Combat and Warfare
The Cielothar are essentially peaceful and pacifist, though this does not mean they have not been part of military conflicts in the past, nor do they live an entirely peaceful existence being protected by the Avanthar. There is one foe that the Avanthar and Cielothar share which the horse lords cannot fight: the Wolond. The Wolond are forest dwelling Kathar who have a fundamentally different understanding of religion and respect of the forest than the Cielothar. Cielothar see them as sacrilegious tribes which violate the forest by living in it constantly. In many situations, the Wolond that live close to new Cielothar towns often come into conflict with the Yanar who invade their ferocious territorial Forest Hives. It is often in response to the Yanar being attacked by the Wolond that the Cielothar tread into the forest on some sort of holy mission to drive the Wolond away with stone, sling and spear. Aside from the conflicts with the Wolond however, the Cielothar rely on the Avanthar for their warfare. That being said, some prolific Cielothar mages have been known to enter military service purely to avoid their home town from being absorbed by Human settlers.
Economy and Technology
Cielothar economy is largely based on the triangle barter trade with the Yanar and the Avanthar. The Cielothar themselves produce copper jewelry and agricultural products while they acquire Avanthar pelts, hides and leather, and Yanar herbs and fruits. While this is officially seen as a barter trade however, it is actually closer to a mutual donation agreement. The value of items is not set; sometimes a drought means the Cielothar offer nothing to the Yanar and Avanthar, yet they still continue to give whatever they can spare. Among the Cielothar themselves, there is barely any currency. It is often just the act of providing for the needy that causes the Cielothar to share food with their neighbors. This makes it difficult for Cielothar to adapt to Regalia sometimes, as they expect their friends to just always do everything for free for them. While they also would do that in return, it’s quite obvious that a Cielothar may not possess great financial riches to achieve much at all in a capital so built on commerce. Technologically speaking the Cielothar are very backwards, relying mostly on local produce. One thing that the Cielothar excel at however is harnessing the power of the wind. No other race or people has the level of expertise at building windmills as the Cielothar do, and their windmills in particular have a very high productivity rate when it comes to turning wheat into very fine flour.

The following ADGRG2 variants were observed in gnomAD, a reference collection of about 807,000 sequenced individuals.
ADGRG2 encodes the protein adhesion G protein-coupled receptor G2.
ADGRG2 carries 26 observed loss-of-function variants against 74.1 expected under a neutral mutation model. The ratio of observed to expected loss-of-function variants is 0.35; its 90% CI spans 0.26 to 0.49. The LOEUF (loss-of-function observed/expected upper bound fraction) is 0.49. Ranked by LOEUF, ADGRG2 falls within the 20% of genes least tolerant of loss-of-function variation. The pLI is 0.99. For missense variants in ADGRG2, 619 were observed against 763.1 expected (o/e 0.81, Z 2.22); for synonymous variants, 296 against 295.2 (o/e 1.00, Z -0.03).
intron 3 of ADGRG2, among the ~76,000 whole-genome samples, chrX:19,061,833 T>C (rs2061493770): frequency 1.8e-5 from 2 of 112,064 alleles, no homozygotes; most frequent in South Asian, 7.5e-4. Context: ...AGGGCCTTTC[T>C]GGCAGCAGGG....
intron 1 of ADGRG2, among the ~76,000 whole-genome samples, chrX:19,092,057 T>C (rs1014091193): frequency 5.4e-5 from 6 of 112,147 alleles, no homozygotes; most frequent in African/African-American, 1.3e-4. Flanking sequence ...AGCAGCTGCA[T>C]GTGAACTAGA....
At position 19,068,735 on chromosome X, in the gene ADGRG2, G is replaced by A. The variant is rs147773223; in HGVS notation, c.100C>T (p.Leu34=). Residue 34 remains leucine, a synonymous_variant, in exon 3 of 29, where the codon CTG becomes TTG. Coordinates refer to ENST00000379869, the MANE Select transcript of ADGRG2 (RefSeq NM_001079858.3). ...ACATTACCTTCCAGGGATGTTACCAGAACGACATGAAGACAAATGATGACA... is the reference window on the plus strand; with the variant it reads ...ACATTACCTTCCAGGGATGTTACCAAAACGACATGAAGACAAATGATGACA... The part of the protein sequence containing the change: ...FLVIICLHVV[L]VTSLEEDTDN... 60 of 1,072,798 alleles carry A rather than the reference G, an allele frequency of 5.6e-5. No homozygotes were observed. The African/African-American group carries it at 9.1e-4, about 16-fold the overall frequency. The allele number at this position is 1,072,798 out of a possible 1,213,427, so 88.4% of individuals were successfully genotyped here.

- The Cielothar don’t adhere to any monarchy system anymore. They have completely abandoned the old Elven Empire lineage, rejecting the restoration attempts of the Altalar.
- Cielothar regularly intermingle with the Avanthar, which surprisingly enough often recreates an Altalar. It is very common for Cielothar to fall in love with Avanthar who often look more mature and rugged, an exciting alternative to the otherwise borish Cielothar.
- Cielothar often imitate the Yanar practice of hanging offspring pods from trees by having large beams stick out of their central windmill. From these beams (at around head level), they hang suspended straw baskets with their infants in them. They are then cared for by the Great Mother and her disciples while the parents work in the farming fields or go to the Forest wall to bring offerings.